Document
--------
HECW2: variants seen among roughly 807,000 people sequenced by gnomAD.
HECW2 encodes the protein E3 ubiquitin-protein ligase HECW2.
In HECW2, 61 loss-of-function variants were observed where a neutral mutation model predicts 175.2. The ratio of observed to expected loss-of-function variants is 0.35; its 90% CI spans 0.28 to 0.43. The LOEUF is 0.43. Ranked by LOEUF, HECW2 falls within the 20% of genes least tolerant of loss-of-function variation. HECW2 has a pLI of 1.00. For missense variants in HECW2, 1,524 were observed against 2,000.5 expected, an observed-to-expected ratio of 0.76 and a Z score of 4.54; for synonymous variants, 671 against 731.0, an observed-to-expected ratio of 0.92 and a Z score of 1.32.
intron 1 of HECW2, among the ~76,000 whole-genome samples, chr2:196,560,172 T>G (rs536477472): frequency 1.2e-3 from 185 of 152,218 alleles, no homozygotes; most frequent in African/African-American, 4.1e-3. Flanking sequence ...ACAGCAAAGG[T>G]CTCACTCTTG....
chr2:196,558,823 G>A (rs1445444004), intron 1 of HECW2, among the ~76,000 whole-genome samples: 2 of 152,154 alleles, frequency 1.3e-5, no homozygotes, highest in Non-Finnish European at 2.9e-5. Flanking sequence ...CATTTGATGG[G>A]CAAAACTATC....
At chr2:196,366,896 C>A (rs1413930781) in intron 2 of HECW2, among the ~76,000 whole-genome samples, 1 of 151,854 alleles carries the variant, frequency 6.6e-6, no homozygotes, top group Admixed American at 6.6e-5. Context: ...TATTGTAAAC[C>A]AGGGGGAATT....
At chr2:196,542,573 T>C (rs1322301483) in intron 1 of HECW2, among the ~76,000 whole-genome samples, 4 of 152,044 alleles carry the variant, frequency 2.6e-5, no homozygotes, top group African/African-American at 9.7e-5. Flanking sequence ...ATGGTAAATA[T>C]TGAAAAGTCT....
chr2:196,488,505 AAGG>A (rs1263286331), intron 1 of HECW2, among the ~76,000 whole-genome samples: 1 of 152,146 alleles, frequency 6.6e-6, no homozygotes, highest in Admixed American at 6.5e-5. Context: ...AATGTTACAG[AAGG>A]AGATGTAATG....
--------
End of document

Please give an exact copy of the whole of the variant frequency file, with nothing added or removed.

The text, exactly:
HECW2: variants seen among roughly 807,000 people sequenced by gnomAD.
HECW2 encodes the protein E3 ubiquitin-protein ligase HECW2.
In HECW2, 61 loss-of-function variants were observed where a neutral mutation model predicts 175.2. The ratio of observed to expected loss-of-function variants is 0.35; its 90% CI spans 0.28 to 0.43. The LOEUF is 0.43. Ranked by LOEUF, HECW2 falls within the 20% of genes least tolerant of loss-of-function variation. HECW2 has a pLI of 1.00. For missense variants in HECW2, 1,524 were observed against 2,000.5 expected, an observed-to-expected ratio of 0.76 and a Z score of 4.54; for synonymous variants, 671 against 731.0, an observed-to-expected ratio of 0.92 and a Z score of 1.32.
intron 1 of HECW2, among the ~76,000 whole-genome samples, chr2:196,560,172 T>G (rs536477472): frequency 1.2e-3 from 185 of 152,218 alleles, no homozygotes; most frequent in African/African-American, 4.1e-3. Flanking sequence ...ACAGCAAAGG[T>G]CTCACTCTTG....
chr2:196,558,823 G>A (rs1445444004), intron 1 of HECW2, among the ~76,000 whole-genome samples: 2 of 152,154 alleles, frequency 1.3e-5, no homozygotes, highest in Non-Finnish European at 2.9e-5. Flanking sequence ...CATTTGATGG[G>A]CAAAACTATC....
At chr2:196,366,896 C>A (rs1413930781) in intron 2 of HECW2, among the ~76,000 whole-genome samples, 1 of 151,854 alleles carries the variant, frequency 6.6e-6, no homozygotes, top group Admixed American at 6.6e-5. Context: ...TATTGTAAAC[C>A]AGGGGGAATT....
At chr2:196,542,573 T>C (rs1322301483) in intron 1 of HECW2, among the ~76,000 whole-genome samples, 4 of 152,044 alleles carry the variant, frequency 2.6e-5, no homozygotes, top group African/African-American at 9.7e-5. Flanking sequence ...ATGGTAAATA[T>C]TGAAAAGTCT....
chr2:196,488,505 AAGG>A (rs1263286331), intron 1 of HECW2, among the ~76,000 whole-genome samples: 1 of 152,146 alleles, frequency 6.6e-6, no homozygotes, highest in Admixed American at 6.5e-5. Context: ...AATGTTACAG[AAGG>A]AGATGTAATG....